Build your portfolio specifically around the things you do well. If logo design is your main skill, focus in on that and bring your designs front-and-center on your page and in your promotion.

3. Set expectations

Try to steer clear of working for “free” – it will undervalue the work that you do. Instead, find opportunities to volunteer your services and do work that is still client work but “discounted” for charity purposes- i.e. a tax write off. You need to determine the value of the work you do and stick with it. Joining an existing community of freelancers can be really helpful for getting a sense of the standard market rate for the kinds of work you do.

You will likely want to put together a contract for every project you work on. Make sure expectations are clear on both sides- particularly in regards to the final product. Clients refusing to pay is a real concern as a freelancer, so consider putting together a payment schedule; i.e. 50% up front, 25% first deliverables, 25% upon completion.

4. Build a healthy workflow

Since you’ll likely be working from home (or a co-working space or coffee shop), finding ways to properly manage your time is vital. It’s absolutely possible to build a natural work/life separation, but it won’t necessarily happen if you aren’t intentional about the process. In particular, client communication can fill up a lot of time. You will need to find ways to avoid being “on call” at all times. Consider setting aside “office hours” to facilitate regular communication with clients.

There are tons of digital tools available to help with productivity. Evernote is a great way to centralize your thoughts and notes, set alerts, and keep your materials with you, even when you’re hopping between devices. Hemingway Editor is a great tool for cleaning up your writing. It finds and highlights everything from passive voice to awkward sentence constructions. Easily distracted? Facebook, Instagram, and Reddit killing your productivity? StayFocusd is a Chrome extension for restricting the time you are allowed on certain sites.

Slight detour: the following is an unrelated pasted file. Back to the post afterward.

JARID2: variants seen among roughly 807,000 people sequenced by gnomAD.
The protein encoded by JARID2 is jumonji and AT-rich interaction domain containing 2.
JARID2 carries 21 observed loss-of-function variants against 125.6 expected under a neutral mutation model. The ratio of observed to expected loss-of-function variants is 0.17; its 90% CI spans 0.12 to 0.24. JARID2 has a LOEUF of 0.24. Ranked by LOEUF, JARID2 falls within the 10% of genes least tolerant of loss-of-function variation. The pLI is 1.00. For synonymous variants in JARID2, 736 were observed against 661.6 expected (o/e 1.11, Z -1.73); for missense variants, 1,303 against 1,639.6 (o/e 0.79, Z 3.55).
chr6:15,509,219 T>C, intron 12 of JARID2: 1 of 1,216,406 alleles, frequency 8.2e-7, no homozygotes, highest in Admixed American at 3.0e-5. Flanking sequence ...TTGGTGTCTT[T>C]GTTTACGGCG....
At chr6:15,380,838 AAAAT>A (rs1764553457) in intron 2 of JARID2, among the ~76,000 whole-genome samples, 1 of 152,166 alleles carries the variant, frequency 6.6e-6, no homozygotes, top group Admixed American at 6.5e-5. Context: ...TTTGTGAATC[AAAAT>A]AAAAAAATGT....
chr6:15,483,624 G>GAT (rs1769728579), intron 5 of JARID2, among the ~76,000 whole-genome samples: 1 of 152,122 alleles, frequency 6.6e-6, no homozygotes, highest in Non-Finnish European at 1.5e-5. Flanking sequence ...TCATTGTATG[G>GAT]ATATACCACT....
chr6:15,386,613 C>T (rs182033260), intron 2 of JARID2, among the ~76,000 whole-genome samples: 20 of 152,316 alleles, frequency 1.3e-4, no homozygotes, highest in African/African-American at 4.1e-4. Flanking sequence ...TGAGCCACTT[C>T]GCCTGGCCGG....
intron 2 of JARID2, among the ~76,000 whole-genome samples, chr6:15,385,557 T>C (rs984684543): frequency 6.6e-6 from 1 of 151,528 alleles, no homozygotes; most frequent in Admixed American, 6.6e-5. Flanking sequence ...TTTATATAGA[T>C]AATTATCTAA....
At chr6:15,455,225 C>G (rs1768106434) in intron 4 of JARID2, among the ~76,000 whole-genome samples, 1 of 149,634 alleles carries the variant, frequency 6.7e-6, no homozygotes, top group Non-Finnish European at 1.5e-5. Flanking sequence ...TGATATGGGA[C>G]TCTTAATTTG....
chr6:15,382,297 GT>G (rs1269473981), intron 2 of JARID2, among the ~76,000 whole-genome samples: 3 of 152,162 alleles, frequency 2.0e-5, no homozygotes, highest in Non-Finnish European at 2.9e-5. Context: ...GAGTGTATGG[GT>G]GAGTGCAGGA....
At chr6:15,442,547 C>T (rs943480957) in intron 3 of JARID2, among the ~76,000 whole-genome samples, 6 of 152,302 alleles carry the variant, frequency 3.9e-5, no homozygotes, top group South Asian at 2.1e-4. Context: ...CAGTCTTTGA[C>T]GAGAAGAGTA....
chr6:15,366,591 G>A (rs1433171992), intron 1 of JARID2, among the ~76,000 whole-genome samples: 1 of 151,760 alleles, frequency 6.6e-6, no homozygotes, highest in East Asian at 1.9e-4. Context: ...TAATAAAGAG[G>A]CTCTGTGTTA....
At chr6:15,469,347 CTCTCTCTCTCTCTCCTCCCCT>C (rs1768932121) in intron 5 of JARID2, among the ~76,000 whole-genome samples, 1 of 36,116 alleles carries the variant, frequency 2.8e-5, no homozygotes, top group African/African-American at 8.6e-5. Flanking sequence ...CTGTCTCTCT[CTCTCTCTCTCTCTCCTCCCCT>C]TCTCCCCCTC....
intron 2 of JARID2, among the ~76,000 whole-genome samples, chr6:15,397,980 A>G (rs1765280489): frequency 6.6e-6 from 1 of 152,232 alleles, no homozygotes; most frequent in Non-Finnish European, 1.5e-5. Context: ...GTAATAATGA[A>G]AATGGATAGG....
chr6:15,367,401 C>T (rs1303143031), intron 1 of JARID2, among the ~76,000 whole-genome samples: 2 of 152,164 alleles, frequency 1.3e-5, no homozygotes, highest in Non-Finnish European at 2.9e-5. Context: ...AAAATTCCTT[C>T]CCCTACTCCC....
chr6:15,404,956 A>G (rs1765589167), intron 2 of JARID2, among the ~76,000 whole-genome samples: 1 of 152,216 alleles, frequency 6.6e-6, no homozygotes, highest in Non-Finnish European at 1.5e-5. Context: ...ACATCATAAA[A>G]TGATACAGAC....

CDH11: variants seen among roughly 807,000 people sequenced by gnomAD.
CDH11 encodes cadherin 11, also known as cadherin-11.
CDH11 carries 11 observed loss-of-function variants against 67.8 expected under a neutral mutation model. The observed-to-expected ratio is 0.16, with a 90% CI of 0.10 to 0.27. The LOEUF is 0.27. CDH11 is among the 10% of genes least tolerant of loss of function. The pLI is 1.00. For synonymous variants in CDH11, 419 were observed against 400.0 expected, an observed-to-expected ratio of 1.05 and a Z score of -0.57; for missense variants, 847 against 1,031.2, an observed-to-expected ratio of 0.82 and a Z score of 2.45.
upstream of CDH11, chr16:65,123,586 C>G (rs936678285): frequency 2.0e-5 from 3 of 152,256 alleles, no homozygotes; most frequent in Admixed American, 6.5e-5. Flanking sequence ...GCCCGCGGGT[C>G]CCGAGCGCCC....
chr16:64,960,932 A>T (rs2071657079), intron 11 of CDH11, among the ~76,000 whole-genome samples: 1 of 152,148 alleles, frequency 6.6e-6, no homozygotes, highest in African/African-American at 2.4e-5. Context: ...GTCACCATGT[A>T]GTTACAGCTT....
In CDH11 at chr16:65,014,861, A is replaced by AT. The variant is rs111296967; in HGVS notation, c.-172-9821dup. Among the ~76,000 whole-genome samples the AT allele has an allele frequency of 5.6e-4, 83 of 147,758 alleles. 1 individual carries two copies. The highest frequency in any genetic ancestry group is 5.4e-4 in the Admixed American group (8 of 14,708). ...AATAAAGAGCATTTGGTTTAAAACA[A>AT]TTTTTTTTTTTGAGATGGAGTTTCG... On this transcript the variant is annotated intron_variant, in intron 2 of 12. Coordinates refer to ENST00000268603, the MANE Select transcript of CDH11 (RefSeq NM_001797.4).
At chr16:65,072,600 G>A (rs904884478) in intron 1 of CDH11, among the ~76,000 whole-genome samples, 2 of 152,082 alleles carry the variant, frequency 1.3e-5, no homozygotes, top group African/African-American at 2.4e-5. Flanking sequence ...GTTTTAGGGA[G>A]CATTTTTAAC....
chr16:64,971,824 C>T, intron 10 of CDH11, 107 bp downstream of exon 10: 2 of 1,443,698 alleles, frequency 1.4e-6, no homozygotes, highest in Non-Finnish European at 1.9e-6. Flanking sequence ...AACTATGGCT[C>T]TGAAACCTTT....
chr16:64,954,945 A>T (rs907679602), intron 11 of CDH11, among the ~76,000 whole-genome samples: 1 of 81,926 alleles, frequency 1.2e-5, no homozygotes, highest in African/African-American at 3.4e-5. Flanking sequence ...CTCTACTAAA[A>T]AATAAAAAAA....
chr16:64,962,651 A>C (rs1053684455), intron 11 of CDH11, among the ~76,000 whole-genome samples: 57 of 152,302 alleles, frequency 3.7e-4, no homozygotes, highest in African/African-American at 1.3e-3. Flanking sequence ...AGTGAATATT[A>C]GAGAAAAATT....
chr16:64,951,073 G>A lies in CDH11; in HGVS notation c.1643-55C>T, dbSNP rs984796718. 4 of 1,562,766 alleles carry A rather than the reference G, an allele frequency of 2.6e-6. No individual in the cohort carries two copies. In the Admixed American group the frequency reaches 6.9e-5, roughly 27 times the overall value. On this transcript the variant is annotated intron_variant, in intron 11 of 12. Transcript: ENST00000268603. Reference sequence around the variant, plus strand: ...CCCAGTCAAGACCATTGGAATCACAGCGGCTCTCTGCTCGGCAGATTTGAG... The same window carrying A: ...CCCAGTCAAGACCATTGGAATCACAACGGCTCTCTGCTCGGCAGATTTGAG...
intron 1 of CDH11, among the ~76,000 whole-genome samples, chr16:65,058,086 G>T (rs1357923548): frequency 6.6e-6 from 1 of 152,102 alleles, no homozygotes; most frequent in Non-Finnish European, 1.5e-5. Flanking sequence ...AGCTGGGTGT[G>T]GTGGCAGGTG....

There are also physical ways to shape your living space to help your productivity. Even if it’s just a corner of a room, setting up a dedicated office area can really help with the vital periods of focus you’ll need to finish assignments. Check out this post on working from home- it’s full of tips and tricks for maximizing productivity.

Remember that planning time is still time that you are working. And, as mentioned above, client communication IS work, as is finding new gigs and taking care of your fledgling business. Account for this as you organize your new schedule. One last note- put away money for taxes, and consider filing quarterly to avoid dropping a huge chunk of your income at one time.

5. Always be on the lookout for new projects

Marketing yourself is an aspect of freelancing that many creatives find frustrating, but it’s also key to keeping yourself in work. Networking is vital. Sites like Network After Work make it easy to find opportunities in your area. Don’t just show up the night of, either. Find reasons to reach out before and after- keep your conversations going and build relationships over time.